clock menu more-arrow no yes mobile

Filed under:

Spencer Dinwiddie Belongs On An NBA Roster

Following a surprising cut from the Bulls, Dinwiddie is producing for Windy City and can do the same in the NBA.

NBA: Preseason-Indiana Pacers at Chicago Bulls Mike DiNovo-USA TODAY Sports

When Spencer Dinwiddie entered the 2014 draft, teams were unsure if he had fully healed from his torn ACL he suffered that January. The incredibly gifted guard from Colorado University was one of the best combo guards in the country before his injury, but that didn't stop the Detroit Pistons from taking a chance on him in the second round.

With concerns about his shot from deep and ability to be consistent, Dinwiddie spent some time developing with the Grand Rapids Drive, the Pistons D-League affiliate. With two years of NBA and D-League experience under his belt, it looked like he was ready to have a good year with his new team, the Chicago Bulls.

Unfortunately, the Bulls decided to cut him before the season started. Despite a good offseason for Chicago, they decided to cut him to make room to fill a position of need. Following the cut, he decided to stay local and agreed to join the upstart Windy City Bulls. So far, he has looks like a player that belongs on an NBA roster.

In the inaugural game for both the Windy City Bulls and the Long Island Nets, Dinwiddie was cooking with gasoline. In 28 minutes he scored 17 points, pulled down three rebounds, and dished out 11 assists to one turnover in the victory. He shot an efficient five of nine from the floor and a perfect two for two from deep.

The next night against the Erie Bayhawks, he ended with 22 points, three rebounds, and six assists to two turnovers in 35 minutes of play. He went seven of twelve from the floor and split he three point attempts, going one of two.

If there was ever one knock against Dinwiddie’s game, especially in Detroit, it was that he was not a threat from deep. In his first season Dinwiddie just averaged 18% from beyond the arc on two attempts per game. Meanwhile, Dinwiddie shot 10% from beyond the arc on .8 attempts per game during his second season. This is something he has tried hard to improve on, and has done so.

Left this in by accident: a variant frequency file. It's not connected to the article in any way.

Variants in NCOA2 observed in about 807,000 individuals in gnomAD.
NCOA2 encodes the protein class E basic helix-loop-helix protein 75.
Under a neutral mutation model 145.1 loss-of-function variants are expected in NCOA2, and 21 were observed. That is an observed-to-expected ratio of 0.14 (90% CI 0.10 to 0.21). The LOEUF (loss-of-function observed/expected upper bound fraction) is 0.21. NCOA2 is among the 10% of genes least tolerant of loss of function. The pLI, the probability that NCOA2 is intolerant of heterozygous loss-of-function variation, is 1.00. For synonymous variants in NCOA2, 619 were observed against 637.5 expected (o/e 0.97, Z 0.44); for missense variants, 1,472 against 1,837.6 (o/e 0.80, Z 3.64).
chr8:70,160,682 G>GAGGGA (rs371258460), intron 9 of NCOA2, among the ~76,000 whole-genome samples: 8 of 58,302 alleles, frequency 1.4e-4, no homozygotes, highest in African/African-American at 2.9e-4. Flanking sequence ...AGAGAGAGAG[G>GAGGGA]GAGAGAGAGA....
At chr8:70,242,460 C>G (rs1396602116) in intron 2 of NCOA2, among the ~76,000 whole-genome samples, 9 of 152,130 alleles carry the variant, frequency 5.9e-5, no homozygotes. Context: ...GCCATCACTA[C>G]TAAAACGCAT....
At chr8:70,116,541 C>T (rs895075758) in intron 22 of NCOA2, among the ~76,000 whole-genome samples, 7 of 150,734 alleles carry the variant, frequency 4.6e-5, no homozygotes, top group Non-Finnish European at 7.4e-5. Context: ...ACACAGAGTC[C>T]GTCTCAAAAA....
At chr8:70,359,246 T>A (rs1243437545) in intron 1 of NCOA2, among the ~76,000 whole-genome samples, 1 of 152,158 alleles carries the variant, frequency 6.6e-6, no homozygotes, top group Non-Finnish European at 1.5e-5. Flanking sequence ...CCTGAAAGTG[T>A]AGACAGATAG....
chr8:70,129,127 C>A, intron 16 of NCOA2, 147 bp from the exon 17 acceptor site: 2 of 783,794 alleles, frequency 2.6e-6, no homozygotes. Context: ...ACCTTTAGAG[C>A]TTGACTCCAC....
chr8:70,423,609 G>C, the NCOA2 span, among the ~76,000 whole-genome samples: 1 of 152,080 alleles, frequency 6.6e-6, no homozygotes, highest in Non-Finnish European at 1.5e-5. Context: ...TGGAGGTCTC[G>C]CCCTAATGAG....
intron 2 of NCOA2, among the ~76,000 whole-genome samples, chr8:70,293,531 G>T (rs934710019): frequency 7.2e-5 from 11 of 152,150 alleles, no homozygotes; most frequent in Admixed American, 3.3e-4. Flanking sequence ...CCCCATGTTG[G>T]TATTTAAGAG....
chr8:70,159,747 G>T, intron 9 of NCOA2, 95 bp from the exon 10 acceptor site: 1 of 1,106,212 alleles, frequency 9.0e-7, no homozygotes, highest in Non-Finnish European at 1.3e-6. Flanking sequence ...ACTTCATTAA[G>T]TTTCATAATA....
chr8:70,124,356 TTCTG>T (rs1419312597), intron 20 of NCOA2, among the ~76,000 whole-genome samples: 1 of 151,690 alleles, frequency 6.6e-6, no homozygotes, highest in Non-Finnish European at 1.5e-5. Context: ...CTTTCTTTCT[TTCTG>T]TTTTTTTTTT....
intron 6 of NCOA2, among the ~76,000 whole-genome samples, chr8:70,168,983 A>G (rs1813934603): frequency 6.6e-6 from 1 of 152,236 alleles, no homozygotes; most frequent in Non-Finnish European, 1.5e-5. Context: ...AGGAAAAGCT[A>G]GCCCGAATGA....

In the young D-League season, Dinwiddie is shooting 50% on six attempts, a small sample size but an important one. One thing that always torpedoes a young guard’s shooting percentage from deep is shot selection, and that is something Dinwiddie has improved on to start the season.

What he can offer teams right now is being a good spark plug off the bench while also adding versatility on defense. He does a good job coming off screens to get his shot, but at 6’6” he doesn't need to rely on just screens to get his shot off. He is a tall point guard and while he doesn't have the reputation as a defensive stopper, he has the potential to be really special.

He has all the tools to guard three positions with ease. He is fast enough to stay in front of point guards and he is long enough to defend two guards and wings with ease. At 200 pounds he isn't the strongest and struggles against bigger players defensively, but he is fast enough and, with a 6’8.25” wingspan, long enough to hold his own.

Dinwiddie is a high character guy that has always been a favorite wherever he has gone. Teams should jump at the chance to add a guy to the roster that would be a great locker room presence, spark plug off the bench, committed to getting players in the second unit involved in the offense, and versatile enough on defense. His stock will only grow as the D-League season goes on, and as injuries happen at the next level expect to hear his name in the discussion for call ups.